All this signalled the W113’s primary mission as a luxury sports tourer, not all-out sports car. Yet its road manners garnered considerable praise. Bernard Cahier found the 230 "free of handling vices...almost neutral with very slight understeer" in sharp corners. Said Hansjorg Bendel: "Body roll is quite pronounced, but the driver never feels it; the steering remains light, accurate and smooth near the limit. . . . This is one of those cars that [impresses as] having [a] center of gravity below road level." Cahier concluded that this SL was "one of D-B’s very finest cars."
And so it would remain through a relatively long eight-year production life. There would be only two major changes: a pair of larger engines to counter the extra weight and reduced performance of mandated American safety and emissions equipment.
The Mercedes-Benz SL sported a noteworthy concave windshield header as part of its "pagoda-roof" design.
The first arrived in late 1966 with a revised 250SL. Changes included a 6-mm stroke increase, bringing displacement to 2496 cc, plus a switch from four to seven main bearings and adoption of rear disc brakes, improved seatbelts, and a collapsible steering wheel. Horsepower stayed the same, but torque rose by a useful 15 lbs-ft. Final drive was now 3.69:1 exclusively.
After just 12 months and some 5200 units, the 250 bowed to the 280SL, powered by a new bored-out M130 engine with 2778 cc and 180 bhp (SAE gross) in U.S. trim or 170/180 DIN for Europe. Styling was again basically unchanged. New "federal features" included energy-absorbing steering column, three-point inertia-reel seatbelts, removable top latch handles for the windshield header, and side-marker lights outside.
Torque swelled by another 19 lbs-ft, which enhanced low-speed tractability if not mileage, and a new 5-speed ZF manual option helped exploit it. Alas, the 280 had more rubber and thus "slop" in its suspension, and the 5-speed option was pricey ($500), like the car itself. U.S. models came with 4.08:1 final gearing, though the 3.69 and 3.92 ratios were available "upon request."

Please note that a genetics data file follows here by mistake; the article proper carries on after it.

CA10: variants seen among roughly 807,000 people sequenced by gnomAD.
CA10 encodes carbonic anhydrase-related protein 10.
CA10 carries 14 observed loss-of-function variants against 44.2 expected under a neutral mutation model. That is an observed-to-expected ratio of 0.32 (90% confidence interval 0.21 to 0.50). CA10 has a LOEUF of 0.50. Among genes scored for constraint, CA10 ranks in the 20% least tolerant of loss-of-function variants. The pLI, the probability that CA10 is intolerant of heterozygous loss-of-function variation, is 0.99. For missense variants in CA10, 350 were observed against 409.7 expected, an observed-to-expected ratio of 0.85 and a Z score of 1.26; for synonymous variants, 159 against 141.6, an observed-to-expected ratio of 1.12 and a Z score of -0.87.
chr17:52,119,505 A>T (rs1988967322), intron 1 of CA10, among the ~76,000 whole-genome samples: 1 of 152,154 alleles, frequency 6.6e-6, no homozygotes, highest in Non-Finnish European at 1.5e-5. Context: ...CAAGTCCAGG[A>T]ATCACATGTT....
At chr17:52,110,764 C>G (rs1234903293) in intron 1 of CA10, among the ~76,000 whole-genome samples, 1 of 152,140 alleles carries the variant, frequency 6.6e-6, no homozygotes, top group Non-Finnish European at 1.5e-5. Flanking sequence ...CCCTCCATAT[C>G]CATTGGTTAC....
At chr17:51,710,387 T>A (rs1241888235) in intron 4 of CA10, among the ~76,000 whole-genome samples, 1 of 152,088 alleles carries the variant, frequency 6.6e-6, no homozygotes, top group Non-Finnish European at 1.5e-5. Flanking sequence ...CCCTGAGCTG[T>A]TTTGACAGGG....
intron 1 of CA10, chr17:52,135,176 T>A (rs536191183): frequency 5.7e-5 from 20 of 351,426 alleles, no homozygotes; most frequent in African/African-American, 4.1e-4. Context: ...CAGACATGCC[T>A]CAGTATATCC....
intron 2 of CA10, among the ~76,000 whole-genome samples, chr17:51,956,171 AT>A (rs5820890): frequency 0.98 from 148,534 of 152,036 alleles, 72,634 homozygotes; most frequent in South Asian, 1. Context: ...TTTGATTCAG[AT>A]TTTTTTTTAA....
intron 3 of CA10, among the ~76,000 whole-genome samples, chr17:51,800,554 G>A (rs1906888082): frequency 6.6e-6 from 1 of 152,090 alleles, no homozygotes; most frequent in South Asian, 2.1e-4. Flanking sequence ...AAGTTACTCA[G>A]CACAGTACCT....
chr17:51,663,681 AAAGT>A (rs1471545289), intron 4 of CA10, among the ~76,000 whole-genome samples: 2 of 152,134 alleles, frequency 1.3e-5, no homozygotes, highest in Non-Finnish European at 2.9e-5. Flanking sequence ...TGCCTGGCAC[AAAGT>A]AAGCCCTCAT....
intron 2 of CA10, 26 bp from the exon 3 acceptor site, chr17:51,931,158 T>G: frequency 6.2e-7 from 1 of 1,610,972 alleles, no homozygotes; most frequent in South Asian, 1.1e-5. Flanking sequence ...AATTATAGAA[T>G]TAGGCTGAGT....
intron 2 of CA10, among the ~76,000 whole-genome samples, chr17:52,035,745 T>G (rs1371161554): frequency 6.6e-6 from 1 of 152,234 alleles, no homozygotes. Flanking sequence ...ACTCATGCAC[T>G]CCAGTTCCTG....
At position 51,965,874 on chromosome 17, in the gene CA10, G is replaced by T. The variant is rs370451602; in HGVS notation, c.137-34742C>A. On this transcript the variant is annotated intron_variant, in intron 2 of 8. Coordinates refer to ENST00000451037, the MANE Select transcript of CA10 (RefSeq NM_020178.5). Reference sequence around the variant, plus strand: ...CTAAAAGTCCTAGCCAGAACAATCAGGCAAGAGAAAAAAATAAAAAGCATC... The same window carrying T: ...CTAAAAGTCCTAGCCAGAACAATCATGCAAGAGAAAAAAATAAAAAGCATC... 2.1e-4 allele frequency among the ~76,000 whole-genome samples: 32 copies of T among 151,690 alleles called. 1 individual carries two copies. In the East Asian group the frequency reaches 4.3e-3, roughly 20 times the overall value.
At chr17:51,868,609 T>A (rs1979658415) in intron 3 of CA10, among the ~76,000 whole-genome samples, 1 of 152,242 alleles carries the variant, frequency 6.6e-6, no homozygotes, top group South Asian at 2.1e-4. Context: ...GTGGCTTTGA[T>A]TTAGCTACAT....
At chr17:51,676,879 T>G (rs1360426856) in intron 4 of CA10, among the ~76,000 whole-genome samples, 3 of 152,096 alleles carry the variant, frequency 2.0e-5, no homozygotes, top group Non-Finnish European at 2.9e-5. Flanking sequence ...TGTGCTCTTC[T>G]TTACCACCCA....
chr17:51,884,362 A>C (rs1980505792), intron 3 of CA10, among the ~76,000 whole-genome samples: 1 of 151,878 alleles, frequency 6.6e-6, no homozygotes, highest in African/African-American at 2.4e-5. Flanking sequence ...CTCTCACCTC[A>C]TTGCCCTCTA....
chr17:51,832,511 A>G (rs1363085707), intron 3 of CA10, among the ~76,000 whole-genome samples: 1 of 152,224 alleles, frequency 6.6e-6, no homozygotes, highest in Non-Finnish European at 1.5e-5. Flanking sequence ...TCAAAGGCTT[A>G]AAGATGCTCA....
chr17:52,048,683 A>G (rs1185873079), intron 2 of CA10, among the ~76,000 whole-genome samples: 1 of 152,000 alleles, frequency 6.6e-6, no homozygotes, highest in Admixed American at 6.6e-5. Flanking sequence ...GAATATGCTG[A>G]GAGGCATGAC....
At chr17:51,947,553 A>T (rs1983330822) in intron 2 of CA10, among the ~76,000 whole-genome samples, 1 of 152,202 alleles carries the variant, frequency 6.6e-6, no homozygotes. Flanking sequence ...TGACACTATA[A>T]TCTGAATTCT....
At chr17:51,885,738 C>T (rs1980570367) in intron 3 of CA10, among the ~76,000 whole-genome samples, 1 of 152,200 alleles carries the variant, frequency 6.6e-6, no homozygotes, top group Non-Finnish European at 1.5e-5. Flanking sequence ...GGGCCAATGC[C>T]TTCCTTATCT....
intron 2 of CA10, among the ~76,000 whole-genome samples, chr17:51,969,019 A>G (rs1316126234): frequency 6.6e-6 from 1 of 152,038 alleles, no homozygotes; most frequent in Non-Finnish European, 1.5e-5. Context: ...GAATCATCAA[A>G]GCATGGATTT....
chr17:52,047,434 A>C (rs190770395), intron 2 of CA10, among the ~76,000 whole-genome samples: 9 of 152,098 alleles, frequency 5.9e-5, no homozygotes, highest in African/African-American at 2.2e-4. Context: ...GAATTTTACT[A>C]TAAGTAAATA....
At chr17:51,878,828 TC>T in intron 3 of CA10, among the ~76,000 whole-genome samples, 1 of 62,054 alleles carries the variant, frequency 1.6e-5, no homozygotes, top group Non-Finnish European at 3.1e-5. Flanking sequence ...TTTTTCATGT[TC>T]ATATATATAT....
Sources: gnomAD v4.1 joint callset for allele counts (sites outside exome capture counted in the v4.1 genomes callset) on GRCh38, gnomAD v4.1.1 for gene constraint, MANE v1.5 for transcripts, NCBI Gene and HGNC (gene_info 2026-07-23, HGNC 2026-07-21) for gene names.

By 1971, the W113 was old hat, having been denied recent D-B developments like a revised 4-speed automatic, anti-dive front suspension geometry, and new semi-trailing-link rear geometry. All would be rectified with the new R107 generation introduced late that year, a different breed altogether.
In fact, the W113s would be the last two-seat Mercedes true to the original meaning of SL (sehr leicht, very light). They were also far more successful than their '50s forebears, with annual sales of about 6000 units. So in retrospect, these cars are a bit like the Roman god Janus -- looking backward and forward. Today they’re valued for precisely that reason: pleasant, well-rounded sporty cars with a certain timeless grace, and an important step in the evolution of Mercedes two-seaters.To learn more about Mercedes-Benz and other sports cars, see:
- How Sports Cars Work
- Sports Cars of the 1960s
- Sports Cars of the 1970s
- New Sports Cars Reviews
- Used Sports Cars Reviews
- Muscle Cars
- How Ferrari Works
- How the Ford Mustang Works